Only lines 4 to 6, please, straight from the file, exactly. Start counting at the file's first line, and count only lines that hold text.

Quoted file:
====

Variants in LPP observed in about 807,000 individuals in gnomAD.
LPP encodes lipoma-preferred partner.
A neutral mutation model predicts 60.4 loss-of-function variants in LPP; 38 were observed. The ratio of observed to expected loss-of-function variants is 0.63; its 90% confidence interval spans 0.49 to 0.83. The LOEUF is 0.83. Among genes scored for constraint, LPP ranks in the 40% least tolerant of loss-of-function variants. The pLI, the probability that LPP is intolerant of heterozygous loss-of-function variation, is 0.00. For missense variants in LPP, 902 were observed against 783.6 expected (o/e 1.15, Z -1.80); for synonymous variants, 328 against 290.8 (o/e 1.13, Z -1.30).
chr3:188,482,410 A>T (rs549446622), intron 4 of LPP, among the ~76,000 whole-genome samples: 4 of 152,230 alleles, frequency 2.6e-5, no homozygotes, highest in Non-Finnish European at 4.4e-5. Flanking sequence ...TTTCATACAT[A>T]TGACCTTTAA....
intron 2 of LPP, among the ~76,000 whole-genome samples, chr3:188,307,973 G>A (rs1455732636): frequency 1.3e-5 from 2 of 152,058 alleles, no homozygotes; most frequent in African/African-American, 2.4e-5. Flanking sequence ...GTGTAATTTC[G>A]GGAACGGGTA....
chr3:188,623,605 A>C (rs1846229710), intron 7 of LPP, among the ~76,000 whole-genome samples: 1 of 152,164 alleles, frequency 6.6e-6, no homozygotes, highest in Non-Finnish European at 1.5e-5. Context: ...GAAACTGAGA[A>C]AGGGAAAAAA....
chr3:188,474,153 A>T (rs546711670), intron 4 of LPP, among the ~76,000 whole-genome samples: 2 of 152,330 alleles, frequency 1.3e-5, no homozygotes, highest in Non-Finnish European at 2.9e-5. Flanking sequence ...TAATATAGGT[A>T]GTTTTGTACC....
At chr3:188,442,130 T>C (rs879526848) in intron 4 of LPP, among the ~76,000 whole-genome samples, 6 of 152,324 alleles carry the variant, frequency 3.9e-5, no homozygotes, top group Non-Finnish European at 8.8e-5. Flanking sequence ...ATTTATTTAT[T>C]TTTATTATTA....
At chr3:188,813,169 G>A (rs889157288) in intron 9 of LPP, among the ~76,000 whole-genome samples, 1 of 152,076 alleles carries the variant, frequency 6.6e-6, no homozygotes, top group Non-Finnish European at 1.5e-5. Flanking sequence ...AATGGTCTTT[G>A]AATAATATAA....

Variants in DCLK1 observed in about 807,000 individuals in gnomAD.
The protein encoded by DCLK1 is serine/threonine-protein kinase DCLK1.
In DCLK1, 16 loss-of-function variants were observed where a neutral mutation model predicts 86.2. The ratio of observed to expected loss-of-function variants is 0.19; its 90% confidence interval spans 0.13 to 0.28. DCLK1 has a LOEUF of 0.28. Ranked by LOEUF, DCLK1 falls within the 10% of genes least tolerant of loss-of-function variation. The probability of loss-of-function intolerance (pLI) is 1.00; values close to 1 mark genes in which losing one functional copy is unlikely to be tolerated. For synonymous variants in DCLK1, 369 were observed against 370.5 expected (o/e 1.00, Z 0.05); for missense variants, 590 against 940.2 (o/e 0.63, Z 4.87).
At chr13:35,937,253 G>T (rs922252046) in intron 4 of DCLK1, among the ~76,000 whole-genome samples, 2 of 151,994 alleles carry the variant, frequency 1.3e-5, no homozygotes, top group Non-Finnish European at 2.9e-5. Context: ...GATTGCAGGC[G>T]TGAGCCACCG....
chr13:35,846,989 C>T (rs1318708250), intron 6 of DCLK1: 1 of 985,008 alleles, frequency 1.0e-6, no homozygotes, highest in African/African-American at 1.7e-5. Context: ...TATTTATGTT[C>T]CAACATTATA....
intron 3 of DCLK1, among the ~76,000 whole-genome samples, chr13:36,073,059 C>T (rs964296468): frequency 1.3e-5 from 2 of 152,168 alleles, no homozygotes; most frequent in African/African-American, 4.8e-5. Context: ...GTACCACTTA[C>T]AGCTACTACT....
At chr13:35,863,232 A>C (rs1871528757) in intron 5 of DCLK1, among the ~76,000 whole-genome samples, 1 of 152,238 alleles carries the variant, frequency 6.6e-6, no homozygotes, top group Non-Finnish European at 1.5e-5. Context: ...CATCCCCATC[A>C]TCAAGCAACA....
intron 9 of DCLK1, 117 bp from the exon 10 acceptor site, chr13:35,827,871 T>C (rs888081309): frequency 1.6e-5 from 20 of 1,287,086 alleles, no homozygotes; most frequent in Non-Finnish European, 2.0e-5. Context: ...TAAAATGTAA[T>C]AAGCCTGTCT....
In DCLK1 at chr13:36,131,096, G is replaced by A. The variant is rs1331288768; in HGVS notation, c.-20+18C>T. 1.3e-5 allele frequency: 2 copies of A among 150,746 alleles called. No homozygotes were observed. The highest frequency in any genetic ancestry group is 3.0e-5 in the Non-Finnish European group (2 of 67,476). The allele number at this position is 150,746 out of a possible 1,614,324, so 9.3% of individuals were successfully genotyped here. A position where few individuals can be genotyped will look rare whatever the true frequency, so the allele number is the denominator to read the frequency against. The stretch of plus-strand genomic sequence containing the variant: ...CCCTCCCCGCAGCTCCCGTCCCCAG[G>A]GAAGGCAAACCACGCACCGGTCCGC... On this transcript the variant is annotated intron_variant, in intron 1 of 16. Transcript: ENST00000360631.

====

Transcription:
chr3:188,482,410 A>T (rs549446622), intron 4 of LPP, among the ~76,000 whole-genome samples: 4 of 152,230 alleles, frequency 2.6e-5, no homozygotes, highest in Non-Finnish European at 4.4e-5. Flanking sequence ...TTTCATACAT[A>T]TGACCTTTAA....
intron 2 of LPP, among the ~76,000 whole-genome samples, chr3:188,307,973 G>A (rs1455732636): frequency 1.3e-5 from 2 of 152,058 alleles, no homozygotes; most frequent in African/African-American, 2.4e-5. Flanking sequence ...GTGTAATTTC[G>A]GGAACGGGTA....
chr3:188,623,605 A>C (rs1846229710), intron 7 of LPP, among the ~76,000 whole-genome samples: 1 of 152,164 alleles, frequency 6.6e-6, no homozygotes, highest in Non-Finnish European at 1.5e-5. Context: ...GAAACTGAGA[A>C]AGGGAAAAAA....